By Monte Ferguson
The old saying says that a picture is worth more than a thousand words. Increasingly people are taking up photography to tell their family's stories and preserve precious moments. Many of us are amateur shutter bugs, happy to break out our cameras to capture that unique moment. Increasingly folks are going digital with this hobby. Digital cameras are set to overtake film cameras by the end of this decade.
But not all of our pictures come straight out of the camera exactly as we'd like. One of the benefits of taking digital pictures is that we can post process them, or tweak them, later. But the tools that come with most camera's are rather limited, or lack, such features. To be sure there are productivity suites, like AppleWork's or MS Word, that do include some image manipulation features. But once again the scope of their feature sets is rather limited in scope. There's always Photoshop, the 800 pound gorilla of image editing. But Photoshop is serious overkill, and serious money, when all your aunt wants to do is remove some red eye in her family snapshot.
Once there were a number of inexpensive image editors on the market. Unfortunately they have become history. What has been needed is something that goes beyond the capabilities of iPhoto, or the built in imaging effects of AppleWorks, but is not as hard to learn as Photoshop. Adobe's answer to this challenge is Photoshop Elements. Photoshop elements is geared toward consumers but it packs quite a bit of power under the hood.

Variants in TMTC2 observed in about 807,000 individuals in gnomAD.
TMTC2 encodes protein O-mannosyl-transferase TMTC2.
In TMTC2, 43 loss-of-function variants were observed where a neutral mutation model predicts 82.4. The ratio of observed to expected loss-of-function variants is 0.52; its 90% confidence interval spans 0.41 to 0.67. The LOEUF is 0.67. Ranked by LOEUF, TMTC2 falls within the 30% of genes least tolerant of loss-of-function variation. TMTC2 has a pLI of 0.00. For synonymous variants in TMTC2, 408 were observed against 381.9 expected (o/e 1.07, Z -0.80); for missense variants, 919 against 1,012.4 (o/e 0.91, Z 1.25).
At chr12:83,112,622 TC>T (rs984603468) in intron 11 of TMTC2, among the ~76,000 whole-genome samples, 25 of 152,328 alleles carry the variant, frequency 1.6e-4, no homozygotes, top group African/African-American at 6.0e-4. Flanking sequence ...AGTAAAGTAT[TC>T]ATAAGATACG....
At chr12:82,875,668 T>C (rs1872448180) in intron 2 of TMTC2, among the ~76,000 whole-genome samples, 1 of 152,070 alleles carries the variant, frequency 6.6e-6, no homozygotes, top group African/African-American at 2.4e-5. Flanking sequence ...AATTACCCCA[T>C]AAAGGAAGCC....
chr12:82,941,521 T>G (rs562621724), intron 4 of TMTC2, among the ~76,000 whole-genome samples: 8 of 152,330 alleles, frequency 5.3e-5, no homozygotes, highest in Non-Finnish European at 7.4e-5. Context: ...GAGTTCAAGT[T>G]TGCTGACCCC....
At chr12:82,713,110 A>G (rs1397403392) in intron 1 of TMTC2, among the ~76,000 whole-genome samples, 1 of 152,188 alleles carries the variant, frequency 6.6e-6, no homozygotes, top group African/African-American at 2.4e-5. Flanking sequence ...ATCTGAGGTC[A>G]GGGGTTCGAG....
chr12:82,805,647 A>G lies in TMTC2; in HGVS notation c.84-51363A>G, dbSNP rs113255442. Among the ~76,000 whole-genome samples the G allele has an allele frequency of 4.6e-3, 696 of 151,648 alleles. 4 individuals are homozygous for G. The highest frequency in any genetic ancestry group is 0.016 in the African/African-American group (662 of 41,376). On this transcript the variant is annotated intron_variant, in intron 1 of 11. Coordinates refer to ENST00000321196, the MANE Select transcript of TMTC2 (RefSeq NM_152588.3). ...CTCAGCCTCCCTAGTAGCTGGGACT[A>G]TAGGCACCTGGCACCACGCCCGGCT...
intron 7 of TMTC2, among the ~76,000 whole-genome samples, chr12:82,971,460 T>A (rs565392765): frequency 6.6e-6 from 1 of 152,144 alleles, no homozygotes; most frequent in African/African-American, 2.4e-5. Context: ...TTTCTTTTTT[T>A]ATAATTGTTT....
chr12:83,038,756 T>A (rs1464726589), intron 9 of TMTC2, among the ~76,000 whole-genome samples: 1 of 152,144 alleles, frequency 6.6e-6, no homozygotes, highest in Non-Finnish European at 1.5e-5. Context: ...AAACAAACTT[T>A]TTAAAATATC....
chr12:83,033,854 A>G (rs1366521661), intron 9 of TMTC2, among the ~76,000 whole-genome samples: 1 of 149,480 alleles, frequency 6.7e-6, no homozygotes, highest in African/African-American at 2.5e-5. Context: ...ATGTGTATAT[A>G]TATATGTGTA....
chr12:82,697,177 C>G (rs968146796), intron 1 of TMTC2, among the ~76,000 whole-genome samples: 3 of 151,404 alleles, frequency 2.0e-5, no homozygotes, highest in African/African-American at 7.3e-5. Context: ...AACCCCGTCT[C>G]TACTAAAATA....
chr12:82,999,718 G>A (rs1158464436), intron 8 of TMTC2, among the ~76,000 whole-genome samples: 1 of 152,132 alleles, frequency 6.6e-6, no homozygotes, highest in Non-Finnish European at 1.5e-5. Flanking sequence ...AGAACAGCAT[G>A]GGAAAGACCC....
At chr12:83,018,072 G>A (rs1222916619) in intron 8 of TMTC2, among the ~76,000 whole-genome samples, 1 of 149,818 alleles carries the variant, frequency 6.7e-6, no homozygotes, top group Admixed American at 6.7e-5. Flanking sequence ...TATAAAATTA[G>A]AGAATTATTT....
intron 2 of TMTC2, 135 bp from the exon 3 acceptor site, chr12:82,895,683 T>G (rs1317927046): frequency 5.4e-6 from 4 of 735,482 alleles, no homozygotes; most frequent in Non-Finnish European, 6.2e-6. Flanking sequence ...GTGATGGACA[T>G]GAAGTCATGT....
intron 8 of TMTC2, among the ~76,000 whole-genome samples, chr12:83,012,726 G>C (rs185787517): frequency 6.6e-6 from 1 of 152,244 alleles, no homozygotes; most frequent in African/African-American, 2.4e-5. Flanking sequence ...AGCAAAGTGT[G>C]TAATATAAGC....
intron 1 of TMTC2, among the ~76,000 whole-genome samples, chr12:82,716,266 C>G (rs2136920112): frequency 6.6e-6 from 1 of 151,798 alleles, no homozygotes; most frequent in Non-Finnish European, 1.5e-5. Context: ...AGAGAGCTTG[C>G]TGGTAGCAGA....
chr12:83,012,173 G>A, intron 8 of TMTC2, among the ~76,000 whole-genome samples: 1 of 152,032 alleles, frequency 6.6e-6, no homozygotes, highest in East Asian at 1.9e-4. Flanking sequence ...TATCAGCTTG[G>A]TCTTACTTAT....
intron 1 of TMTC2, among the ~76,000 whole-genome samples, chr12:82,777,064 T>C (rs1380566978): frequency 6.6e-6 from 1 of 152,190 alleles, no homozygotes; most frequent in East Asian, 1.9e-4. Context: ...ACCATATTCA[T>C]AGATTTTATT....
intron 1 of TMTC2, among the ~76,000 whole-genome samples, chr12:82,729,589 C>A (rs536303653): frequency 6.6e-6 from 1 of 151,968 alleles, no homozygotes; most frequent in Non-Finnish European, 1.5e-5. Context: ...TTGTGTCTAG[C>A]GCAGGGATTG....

Photoshop Elements is geared towards novice and intermediate users. Although even some professionals might be enticed to use the program. The program's interface is very reminiscent of Photoshop. But there are some differences that help new comers welcome, and more proficient with the program. When you first fire up the program you're greeted with a warm and inviting Welcome screen. This first screen invites you to explore. But it doesn't overwhelm you with options. There are only six buttons:New File, Browse for File, Connect to Camera or Scanner,Common Issues, Tutorials, and Exit Welcome Screen. It is simple, elegant, and immediately conveys some of the possibilities of the program. It practically entices you to try out the programs features you might not have thought of, like scanning in a picture.